The end of September is the start of our autumn season and the time to tackle all your fall field goals for a winning season in the spring garden.
What you invest in garden maintenance now pays off big dividends in the form of less work and maintenance later in the year.
Realistically you are not going to check off everything on this list. So I have prioritized them. Start with the most important and work your way down to the easier tasks that offer more instant gratification.
Remember that sweat equity pays off with more than just exercise. Getting outside when the leaves are turning color and taking the time to notice the change of seasons has proved to improve the chemical makeup of the brain — even just taking a walk outdoors can be good for your health.
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Top ten things to do for your garden in the fall:
1Fertilize the lawn. If you do nothing else this fall, at least fertilize your lawn with a slow-release fall and winter lawn food. A lawn fertilized in the fall will wake up sooner in the spring to crowd out weeds.
2Add lime or “Soil Sweet” to your lawn. Here in Western Washington the rain causes our soil to become acid with a low pH. This is great for most evergreens, moss, rhodies and woodland plants, but acid soil makes it difficult for lawns and many veggies to absorb nutrients. Adding lime or calcium to your lawn in the fall allows the winter rains to wash it down to the plant roots. It is also an inexpensive way to break up clay soil and improve drainage — over time. Lime is not a quick fix.
3. Rake heavy loads of fallen leaves from your lawn. Large wet leaves will smother and kill lawns in Western Washington. They can sit for a few weeks without damaging the grass but leaving the leaves all winter creates a very thin and struggling lawn more prone to weeds. Don’t worry so much about small leaves that allow sunlight to penetrate, but remove those big leaf maple leaves.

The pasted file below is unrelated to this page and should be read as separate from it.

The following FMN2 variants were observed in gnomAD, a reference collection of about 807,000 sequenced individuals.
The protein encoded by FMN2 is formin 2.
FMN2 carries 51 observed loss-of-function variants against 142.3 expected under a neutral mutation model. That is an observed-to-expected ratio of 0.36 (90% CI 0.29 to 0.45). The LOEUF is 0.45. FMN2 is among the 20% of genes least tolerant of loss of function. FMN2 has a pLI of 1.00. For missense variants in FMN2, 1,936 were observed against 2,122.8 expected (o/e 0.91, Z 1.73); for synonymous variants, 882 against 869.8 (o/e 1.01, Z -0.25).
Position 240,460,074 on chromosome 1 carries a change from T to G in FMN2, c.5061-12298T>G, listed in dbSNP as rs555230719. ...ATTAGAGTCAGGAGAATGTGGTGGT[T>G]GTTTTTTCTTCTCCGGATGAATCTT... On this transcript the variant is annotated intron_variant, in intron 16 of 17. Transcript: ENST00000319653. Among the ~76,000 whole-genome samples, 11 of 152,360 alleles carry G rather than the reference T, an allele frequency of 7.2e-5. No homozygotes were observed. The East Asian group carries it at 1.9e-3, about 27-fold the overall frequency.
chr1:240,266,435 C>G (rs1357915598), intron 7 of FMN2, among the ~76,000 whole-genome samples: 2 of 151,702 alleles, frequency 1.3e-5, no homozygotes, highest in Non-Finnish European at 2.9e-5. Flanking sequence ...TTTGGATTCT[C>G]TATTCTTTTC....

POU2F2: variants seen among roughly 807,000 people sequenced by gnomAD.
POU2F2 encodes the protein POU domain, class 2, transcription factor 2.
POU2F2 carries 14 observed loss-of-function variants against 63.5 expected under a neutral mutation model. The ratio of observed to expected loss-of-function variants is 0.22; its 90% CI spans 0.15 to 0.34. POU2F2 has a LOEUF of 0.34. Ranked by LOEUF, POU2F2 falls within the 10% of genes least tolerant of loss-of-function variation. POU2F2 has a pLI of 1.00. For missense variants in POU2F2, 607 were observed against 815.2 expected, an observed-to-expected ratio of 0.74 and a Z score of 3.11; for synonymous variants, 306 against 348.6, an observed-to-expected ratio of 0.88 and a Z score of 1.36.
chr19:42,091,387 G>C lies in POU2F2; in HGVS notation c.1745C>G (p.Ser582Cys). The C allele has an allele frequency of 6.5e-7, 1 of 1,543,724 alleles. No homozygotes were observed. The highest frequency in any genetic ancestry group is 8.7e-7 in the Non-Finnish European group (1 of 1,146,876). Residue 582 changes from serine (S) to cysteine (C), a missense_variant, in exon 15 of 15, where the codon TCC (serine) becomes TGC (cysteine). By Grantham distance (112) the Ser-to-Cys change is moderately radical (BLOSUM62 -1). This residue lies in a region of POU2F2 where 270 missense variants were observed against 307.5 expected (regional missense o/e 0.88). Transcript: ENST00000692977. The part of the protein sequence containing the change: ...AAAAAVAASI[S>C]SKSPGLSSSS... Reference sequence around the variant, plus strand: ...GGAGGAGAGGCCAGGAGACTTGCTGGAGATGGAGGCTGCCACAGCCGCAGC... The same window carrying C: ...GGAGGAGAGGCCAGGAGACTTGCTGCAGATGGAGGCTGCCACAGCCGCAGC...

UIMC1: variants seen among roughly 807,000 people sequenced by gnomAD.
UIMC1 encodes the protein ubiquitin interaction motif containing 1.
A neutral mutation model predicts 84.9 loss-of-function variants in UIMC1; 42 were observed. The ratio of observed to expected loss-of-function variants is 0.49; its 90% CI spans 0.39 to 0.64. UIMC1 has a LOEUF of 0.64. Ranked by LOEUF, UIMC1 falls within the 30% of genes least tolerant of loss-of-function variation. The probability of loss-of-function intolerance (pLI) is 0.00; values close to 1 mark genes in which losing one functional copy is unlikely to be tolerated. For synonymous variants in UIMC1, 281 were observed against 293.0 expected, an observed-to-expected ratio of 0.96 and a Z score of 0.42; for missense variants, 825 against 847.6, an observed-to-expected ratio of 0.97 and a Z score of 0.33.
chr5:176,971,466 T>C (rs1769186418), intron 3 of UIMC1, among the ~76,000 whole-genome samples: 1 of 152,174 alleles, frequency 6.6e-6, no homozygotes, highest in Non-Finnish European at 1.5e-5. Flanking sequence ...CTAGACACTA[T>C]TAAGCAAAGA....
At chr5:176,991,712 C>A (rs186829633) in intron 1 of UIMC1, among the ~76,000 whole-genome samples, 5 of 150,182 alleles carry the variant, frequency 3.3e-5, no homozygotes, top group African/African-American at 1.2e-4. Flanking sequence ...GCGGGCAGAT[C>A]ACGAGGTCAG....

4. Get rid of weeds in your beds and borders. Fall is when hardy perennial weeds mature and go to seed. Getting rid of one weed plant now before it spreads seeds can stop thousands of new weed seeds from sprouting in the spring. Dig out the roots of perennial weeds like thistle and dock.
5. Divide your perennials that have grown too large such as daylilies, hosta and iris. If you do this dirty deed now the plants have time to establish themselves before a winter freeze and you’ll enjoy a nice display of blooms this coming spring and summer.
6. Harvest your tomatoes before a heavy frost. You can ripen green tomatoes indoors by uprooting the entire plant and hanging it upside down from the rafters of a garage or shed. Or just spread the green tomatoes out on flat surface so that they are not touching one another. Green tomatoes do not need sunlight to ripen up. Tip: If you want to determine whether a green tomato is mature enough to turn red indoors, look at the blossom end of the tomato to check for a darker green star. Once this star appears the tomato is on its way to red ripeness — even indoors.
7. Collect fallen leaves, dead plants and other debris from garden beds where slugs are a problem. It is fine to let nature do her thing in woodland gardens or among mature shrubs, but if you want to grow veggies, hosta and other slug food, fall cleanup will eliminate the slug hotels.
8. Clean up the fallen leaves and debris around any plant that has had disease or insect problems. This means cherry trees with blights, lilacs with curled leaves, dogwoods that look dreadful and roses with black spot. Infected foliage can allow pests to overwinter all winter near the base of the plant and then re-infect the host when spring comes.
9. After you do the last mowing, edging and raking of the lawn take the time to winterize your power equipment to maximize their working life spans. Clean your tools and store them out of the weather along with seat cushions for patio furniture and pots and garden art that could crack and break during a winter freeze. Turn off fountains and protect pumps that are not winter proof.
Finally the fun stuff. Celebrate the new season with frost tolerant fall flowers like mums, asters, ornamental cabbage and kale and the tough winter pansies that will add months of color.